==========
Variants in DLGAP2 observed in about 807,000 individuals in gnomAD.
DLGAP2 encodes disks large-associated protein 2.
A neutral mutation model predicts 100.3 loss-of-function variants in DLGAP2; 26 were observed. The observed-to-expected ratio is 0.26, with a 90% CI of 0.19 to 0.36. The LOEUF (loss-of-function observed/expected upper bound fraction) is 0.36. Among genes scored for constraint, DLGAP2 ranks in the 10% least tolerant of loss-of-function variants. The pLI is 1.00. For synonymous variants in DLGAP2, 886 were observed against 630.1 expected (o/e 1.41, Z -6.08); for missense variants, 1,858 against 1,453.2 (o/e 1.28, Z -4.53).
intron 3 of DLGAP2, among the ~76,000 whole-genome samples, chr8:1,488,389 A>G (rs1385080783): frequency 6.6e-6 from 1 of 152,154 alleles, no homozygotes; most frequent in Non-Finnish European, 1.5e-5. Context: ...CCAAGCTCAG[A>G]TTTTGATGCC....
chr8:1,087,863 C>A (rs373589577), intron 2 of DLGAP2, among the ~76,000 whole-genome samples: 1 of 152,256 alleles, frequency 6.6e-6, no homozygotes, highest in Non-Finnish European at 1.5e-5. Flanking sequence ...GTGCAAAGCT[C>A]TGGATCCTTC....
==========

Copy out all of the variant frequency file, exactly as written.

Variants in DLGAP2 observed in about 807,000 individuals in gnomAD.
DLGAP2 encodes disks large-associated protein 2.
A neutral mutation model predicts 100.3 loss-of-function variants in DLGAP2; 26 were observed. The observed-to-expected ratio is 0.26, with a 90% CI of 0.19 to 0.36. The LOEUF (loss-of-function observed/expected upper bound fraction) is 0.36. Among genes scored for constraint, DLGAP2 ranks in the 10% least tolerant of loss-of-function variants. The pLI is 1.00. For synonymous variants in DLGAP2, 886 were observed against 630.1 expected (o/e 1.41, Z -6.08); for missense variants, 1,858 against 1,453.2 (o/e 1.28, Z -4.53).
intron 3 of DLGAP2, among the ~76,000 whole-genome samples, chr8:1,488,389 A>G (rs1385080783): frequency 6.6e-6 from 1 of 152,154 alleles, no homozygotes; most frequent in Non-Finnish European, 1.5e-5. Context: ...CCAAGCTCAG[A>G]TTTTGATGCC....
chr8:1,087,863 C>A (rs373589577), intron 2 of DLGAP2, among the ~76,000 whole-genome samples: 1 of 152,256 alleles, frequency 6.6e-6, no homozygotes, highest in Non-Finnish European at 1.5e-5. Flanking sequence ...GTGCAAAGCT[C>A]TGGATCCTTC....